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Tuesday 2nd November 2021 to Friday 5th November 2021


Over the course of the COVID-19 pandemic, modelling has taken centre stage both in forecasting, policy formulation and in informing the public, featuring prominently in the advice given to government in the UK and beyond. The pandemic has had profound influence on social and economic activity, meaning that different policy interventions such as lockdowns and furlough schemes cannot be seen as merely public health policies or as economic policies in isolation. It is therefore important to better understand how policies interact through intertwined economic and disease dynamics and how different policies must be designed to work together.
It is widely acknowledged that mathematical modelling of epidemics needs to formally include behaviour – not as an afterthought, but as an integral part of the modelling itself. However, there are significant challenges in incorporating the dynamics of behaviour in infectious diseases models. There are complexities in synthesising data from disparate data sources reporting on behaviours (for example, surveys, apps and mobility data) into a format useable in existing model structures. Our understanding remains incomplete of what drives the behavioural responses we observe, predicting the impact of health campaigns and the level of detail necessary to enable robust assessments to be provided to policy makers.
A successful integration of behaviour into epidemiological models would allow both modellers and policy makers to not only assess how different interventions will likely play out in practice, but also guide the policy making process itself, indicating which policies are likely to lead to greater health and socio-economic wellbeing. Advancements require collective engagement across disciplines, including behavioural scientists, epidemiologists, public health modellers, economic epidemiologists and those involved in public health policy.  
This event series is guided by links with the JUNIPER Consortium and is delivered by the RAMP Continuity Network, the follow on to the Royal Society’s Rapid Assistance in Modelling the Pandemic (RAMP) initiative. It brings together modelling expertise from a diverse range of disciplines to support the pandemic modelling community already working on Covid-19. The RAMP Continuity Network is helping to deliver a series of meetings, workshops and virtual study groups to take forward promising and relevant areas of research.

Aims and Objectives

The landscape in terms of typical models and approaches has changed drastically over the course of the COVID-19 pandemic. There is a need for modelling that intersects research disciplines. Yet, neglecting the behavioural heterogeneities in the public response to public health interventions may weaken reliability in disease outbreak projections. To underpin model advancements, theoretical frameworks for understanding public responses to official advice during a public health incident may be used and converted into a mathematical formulation. We also require reliable and robust empirical observations of behavioural response, which demands data pipelines that consolidate the various data flows into model-compatible forms in a timely manner. It is now time to explore further the issues around modelling behaviour, helping to instruct data, methodological and reporting needs for future pandemic preparedness.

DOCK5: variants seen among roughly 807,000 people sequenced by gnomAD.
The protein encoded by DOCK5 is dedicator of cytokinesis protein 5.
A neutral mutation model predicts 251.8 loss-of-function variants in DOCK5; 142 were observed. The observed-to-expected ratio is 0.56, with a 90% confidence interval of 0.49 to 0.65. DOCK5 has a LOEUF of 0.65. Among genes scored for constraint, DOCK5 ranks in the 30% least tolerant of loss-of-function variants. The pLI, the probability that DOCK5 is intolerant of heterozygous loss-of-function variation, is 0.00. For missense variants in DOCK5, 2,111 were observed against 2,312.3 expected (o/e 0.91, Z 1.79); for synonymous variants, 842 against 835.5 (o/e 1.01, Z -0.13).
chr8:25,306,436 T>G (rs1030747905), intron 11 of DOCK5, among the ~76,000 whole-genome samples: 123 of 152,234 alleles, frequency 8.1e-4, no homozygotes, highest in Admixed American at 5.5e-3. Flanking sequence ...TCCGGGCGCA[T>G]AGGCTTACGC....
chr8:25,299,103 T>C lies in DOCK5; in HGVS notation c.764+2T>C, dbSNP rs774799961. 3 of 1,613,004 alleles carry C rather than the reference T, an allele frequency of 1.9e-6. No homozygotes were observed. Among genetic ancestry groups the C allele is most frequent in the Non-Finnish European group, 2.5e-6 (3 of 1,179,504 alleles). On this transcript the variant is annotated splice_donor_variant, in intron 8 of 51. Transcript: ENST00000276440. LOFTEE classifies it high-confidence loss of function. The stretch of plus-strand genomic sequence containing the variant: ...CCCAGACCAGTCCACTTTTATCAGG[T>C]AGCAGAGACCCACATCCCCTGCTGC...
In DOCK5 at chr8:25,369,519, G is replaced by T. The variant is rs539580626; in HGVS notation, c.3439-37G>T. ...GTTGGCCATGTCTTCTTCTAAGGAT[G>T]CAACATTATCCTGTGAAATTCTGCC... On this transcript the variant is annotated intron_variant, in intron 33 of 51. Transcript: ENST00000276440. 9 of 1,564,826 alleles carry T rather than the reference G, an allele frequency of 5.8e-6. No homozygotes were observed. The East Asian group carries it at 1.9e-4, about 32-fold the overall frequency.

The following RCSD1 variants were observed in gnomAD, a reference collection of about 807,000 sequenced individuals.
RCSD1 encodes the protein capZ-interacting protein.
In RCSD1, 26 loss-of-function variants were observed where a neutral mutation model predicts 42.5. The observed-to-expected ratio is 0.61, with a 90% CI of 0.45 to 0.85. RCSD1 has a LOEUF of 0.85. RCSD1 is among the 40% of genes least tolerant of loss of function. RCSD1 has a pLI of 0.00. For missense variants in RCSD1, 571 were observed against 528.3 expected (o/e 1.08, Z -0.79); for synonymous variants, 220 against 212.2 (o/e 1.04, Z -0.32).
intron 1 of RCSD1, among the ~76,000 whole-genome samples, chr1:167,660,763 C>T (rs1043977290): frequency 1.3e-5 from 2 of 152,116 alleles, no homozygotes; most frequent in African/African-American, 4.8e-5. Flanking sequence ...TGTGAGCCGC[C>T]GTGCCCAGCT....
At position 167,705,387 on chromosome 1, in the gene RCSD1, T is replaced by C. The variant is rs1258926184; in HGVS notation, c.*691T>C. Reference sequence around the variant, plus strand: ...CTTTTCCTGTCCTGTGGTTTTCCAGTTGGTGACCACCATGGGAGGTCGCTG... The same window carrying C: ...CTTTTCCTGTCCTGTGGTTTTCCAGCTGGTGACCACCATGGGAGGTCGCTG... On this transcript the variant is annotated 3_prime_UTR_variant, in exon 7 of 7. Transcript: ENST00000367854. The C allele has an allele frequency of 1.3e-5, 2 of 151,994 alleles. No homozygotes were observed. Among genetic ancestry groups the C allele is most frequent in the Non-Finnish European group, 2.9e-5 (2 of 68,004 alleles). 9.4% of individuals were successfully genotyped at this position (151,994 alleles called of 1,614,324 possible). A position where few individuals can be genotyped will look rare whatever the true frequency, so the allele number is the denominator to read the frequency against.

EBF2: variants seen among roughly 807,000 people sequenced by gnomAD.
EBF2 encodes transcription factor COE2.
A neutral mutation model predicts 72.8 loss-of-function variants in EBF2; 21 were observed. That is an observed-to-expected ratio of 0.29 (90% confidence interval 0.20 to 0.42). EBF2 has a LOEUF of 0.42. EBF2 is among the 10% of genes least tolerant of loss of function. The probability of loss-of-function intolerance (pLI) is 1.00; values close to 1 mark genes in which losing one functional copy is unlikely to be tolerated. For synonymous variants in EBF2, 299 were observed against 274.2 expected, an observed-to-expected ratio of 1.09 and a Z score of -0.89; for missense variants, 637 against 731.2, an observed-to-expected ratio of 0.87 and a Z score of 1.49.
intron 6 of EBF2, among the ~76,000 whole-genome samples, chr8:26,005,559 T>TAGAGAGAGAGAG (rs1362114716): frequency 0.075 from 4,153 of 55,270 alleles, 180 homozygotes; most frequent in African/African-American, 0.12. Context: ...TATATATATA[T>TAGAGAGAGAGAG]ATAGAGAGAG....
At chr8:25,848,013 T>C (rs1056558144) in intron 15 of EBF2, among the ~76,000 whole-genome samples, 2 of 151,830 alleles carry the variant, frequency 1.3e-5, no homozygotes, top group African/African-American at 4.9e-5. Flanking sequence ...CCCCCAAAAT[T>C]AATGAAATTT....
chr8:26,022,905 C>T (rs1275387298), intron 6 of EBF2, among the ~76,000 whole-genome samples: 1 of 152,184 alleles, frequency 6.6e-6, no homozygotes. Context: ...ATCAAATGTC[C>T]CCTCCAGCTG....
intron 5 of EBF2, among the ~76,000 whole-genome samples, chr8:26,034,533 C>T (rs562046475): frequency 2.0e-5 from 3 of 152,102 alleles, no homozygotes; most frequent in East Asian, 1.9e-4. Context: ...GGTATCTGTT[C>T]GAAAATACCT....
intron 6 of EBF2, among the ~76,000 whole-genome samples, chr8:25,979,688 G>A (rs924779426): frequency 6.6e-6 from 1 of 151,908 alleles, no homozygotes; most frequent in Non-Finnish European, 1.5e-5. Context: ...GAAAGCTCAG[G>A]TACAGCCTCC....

This event series was spread across three half-day virtual workshops. We envisage these science meetings bringing together the relevant scientific communities with those involved in policy formation to maximise the potential for interaction and collaboration. The three half day workshops were:

Understanding Behaviours

Tuesday 2nd November 2021, 13.30-16.30
This workshop overviewed relevant behavioural frameworks that may be used to describe our behaviour to public health events. It also presented analyses of pre-pandemic and contemporary datasets that capture behavioural characteristics, highlighting challenges in translating different types of data flows into meaningful framings for modelling.

  • Ed Hill posted this very informative thread on Twitter after the event with references and publications associated with the talks that were given.


Integrating Behaviours into Models

Thursday 4th November 2021, 13.30-16.30
Our second workshop showcased examples of mechanistic modelling frameworks that interface with behavioural dynamics, which can be responsive to control policy, perceived risk and individual heterogeneity.

  • Ed Hill posted another very useful Twitter thread with references linked to the talks that were given.


Using Behavioural Models to Inform Policy

Friday 5th November 2021, 13.30-16.30
Detailed, well-parameterised mathematical models are important to aid planning and policy decisions. The event series concluded with a focus on how modelling used in the COVID-19 policy arena has sought to tackle challenges posed by COVID-19 pandemic interventions having impacted on all aspects of society, with a need to mitigate harms across multiple sectors.

  • Ed Hill posted a third very useful Twitter thread with references linked to the talks that were given.

Each afternoon workshop incorporated Q&A discussion sessions and each morning prior to the events, a Coffee Session to enable initial interactions and networking. We hoped to encourage and enable conversations between epidemiologists and public health modellers, enabling engagement with those who model behaviours, design policies, as well as with economic epidemiologists. The final Q&A discussion on Friday 5th November looked to make recommendations and highlight areas where potential co-working/collaboration might happen.

Programme and Registration

Registrations for this event have now closed.

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